Singular vs. plural
Posted by R. Berg on March 04, 2002
In Reply to: NY Times Blooper? posted by TheFallen on March 04, 2002
: : : : "Another Round of Layoffs
Are Planned at
: : : : First Boston"
: : : : "Round" is singular, no?
: : : : So it should read:
: : : : "Another Round of Layoffs IS Planned at
: : : : First Boston."
: : : : The original is below.
: : :
: : : I would agree, but there does seem to be a collective form where a singular noun takes a plural verb, as in "a lot of people are present". I don't believe it is right to say "... is present" in this case, but I am clear on what the difference is.
: : ----- er... not clear, I meant! psi
: : : Does anyone have any ideas?
: : : psi
: Hmmm. I am not sure if this is a hard and fast grammatical rule, but it does seem to be true that when a singular but non-specific collective noun is the subject of the sentence, then a plural verb form simply sounds better. Examples...
: A lot of people have arrived...
: A number of sources have stated...
: A couple of people have stayed...
: A half of those surveyed have said...
: None of the children have left... (I am uneasy with this one, and feel it *must* strictly speaking be "has", though colloquially, it's a different gether altomatter)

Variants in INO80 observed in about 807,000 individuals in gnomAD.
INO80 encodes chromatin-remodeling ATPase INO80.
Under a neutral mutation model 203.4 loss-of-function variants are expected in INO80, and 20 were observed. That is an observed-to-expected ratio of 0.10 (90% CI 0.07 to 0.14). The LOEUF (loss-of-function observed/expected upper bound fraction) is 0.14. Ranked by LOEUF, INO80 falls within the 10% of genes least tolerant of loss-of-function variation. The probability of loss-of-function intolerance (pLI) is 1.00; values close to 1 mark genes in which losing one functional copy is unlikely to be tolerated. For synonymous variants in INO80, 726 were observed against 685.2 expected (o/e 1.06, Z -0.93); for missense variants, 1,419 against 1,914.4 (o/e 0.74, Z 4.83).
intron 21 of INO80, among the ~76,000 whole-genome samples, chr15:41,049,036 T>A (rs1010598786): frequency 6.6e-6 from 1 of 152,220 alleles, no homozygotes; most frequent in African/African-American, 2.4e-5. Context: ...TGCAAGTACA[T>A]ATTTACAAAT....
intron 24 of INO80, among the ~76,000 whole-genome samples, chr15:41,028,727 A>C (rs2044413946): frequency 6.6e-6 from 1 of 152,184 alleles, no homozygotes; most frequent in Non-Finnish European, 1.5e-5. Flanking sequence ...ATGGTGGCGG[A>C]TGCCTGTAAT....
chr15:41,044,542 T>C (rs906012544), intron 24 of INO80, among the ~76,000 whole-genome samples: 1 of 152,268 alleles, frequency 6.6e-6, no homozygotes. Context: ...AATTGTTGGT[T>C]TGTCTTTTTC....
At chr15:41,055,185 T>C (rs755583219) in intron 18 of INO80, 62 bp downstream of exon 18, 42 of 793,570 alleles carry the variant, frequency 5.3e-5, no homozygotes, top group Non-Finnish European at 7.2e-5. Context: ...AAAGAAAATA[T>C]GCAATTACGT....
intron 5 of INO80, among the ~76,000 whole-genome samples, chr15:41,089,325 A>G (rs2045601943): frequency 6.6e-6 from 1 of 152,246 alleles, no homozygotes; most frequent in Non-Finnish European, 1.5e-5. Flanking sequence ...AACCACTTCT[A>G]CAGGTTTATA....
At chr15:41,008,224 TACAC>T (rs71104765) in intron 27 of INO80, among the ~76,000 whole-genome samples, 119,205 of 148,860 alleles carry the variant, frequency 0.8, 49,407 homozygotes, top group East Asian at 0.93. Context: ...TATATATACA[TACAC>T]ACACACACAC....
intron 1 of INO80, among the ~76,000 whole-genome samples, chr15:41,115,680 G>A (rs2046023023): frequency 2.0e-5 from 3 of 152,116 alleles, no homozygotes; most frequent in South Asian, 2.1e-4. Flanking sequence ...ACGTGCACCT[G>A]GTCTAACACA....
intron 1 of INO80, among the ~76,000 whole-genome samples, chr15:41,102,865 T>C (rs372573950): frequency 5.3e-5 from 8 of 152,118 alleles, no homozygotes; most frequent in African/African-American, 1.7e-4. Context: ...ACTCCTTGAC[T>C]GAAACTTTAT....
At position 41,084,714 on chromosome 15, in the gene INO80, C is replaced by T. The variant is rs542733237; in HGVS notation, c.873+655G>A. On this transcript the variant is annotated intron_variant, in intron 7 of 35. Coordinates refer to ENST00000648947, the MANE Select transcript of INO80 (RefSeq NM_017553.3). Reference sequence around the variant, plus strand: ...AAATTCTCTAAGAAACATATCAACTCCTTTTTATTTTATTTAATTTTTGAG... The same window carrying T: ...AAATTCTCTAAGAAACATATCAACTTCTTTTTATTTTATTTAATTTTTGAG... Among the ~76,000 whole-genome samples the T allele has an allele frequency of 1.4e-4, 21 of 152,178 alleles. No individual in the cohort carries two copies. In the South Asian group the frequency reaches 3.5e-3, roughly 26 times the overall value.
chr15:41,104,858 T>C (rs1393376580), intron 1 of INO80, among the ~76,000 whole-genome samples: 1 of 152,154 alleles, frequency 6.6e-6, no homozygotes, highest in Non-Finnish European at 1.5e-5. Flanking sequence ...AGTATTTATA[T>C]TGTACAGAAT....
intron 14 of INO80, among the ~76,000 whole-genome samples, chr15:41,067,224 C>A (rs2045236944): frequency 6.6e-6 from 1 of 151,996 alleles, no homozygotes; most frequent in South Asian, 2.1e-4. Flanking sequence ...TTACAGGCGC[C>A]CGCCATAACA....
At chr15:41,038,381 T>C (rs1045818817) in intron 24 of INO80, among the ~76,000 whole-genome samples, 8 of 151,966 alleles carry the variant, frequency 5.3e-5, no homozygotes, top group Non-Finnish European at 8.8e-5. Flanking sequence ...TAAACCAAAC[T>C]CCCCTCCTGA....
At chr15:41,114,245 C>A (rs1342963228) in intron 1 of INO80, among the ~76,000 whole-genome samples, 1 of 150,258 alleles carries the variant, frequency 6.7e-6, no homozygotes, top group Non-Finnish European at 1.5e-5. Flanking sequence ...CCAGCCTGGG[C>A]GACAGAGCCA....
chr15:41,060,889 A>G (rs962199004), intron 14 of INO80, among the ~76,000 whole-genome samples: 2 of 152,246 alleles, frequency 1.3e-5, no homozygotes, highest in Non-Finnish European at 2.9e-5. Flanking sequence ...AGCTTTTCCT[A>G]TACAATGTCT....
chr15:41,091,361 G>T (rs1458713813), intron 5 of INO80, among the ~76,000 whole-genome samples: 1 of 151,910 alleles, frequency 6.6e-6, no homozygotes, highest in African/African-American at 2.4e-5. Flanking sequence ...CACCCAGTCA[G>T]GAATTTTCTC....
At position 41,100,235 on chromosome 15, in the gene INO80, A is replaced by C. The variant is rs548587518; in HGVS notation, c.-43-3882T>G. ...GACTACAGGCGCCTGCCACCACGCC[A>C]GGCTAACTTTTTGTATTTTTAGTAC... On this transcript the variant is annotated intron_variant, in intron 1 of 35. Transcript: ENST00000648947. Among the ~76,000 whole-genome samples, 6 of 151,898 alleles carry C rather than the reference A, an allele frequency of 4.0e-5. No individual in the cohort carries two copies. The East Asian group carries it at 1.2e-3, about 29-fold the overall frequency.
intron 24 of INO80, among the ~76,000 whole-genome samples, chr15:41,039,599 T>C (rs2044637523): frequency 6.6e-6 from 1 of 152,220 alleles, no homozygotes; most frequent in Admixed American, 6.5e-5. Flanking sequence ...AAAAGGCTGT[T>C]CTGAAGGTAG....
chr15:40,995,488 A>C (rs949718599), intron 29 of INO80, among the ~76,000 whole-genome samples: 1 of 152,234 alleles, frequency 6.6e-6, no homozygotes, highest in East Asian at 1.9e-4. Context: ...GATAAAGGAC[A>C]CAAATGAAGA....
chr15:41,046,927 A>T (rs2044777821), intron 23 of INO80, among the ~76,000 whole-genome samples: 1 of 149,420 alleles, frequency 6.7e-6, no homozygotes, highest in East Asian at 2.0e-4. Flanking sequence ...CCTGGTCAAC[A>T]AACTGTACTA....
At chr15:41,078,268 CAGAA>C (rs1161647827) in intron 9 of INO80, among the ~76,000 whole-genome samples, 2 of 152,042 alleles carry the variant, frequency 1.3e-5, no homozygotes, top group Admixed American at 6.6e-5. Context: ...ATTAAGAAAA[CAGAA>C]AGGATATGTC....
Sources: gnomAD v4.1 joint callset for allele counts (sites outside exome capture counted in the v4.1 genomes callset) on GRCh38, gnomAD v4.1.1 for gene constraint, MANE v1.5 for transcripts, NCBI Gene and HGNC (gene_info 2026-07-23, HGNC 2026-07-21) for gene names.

This is a reliable guideline, at least for U.S. usage: "'A' plus 'number'" takes a plural verb; "the' plus 'number'" takes a singular verb. So "A number of sources have stated . . . ," and "The number of sources the reporter quoted was four."
Sometimes the number of the verb depends on whether the subject-noun means something unitary or something multiple. "The couple is buying a house." "The couple are not getting along."
American Heritage Dict.: "'None' (pronoun) may take a singular verb or a plural one, according to 68 per cent of the Usage Panel. They specify a singular verb when 'none' can logically be construed as singular (when 'not one' or 'no one' can be substituted for 'none'): 'None of us wholly blameless.' . . . A plural verb should be used when 'none' applies to more than one (when 'no persons, not any of a group of persons or things' can be substituted for 'none'): 'None are more wretched than victims of natural disasters.' When 'none' can be logically construed as either singular or plural, either a singular or plural verb is possible: 'None of these books is' (or 'are') 'really helpful.' In every case the verb and related personal pronouns and pronominal adjectives must agree in number: 'none has his' (or 'none have theirs'). According to 28 per cent of the Panel, 'none' must always take a singular verb."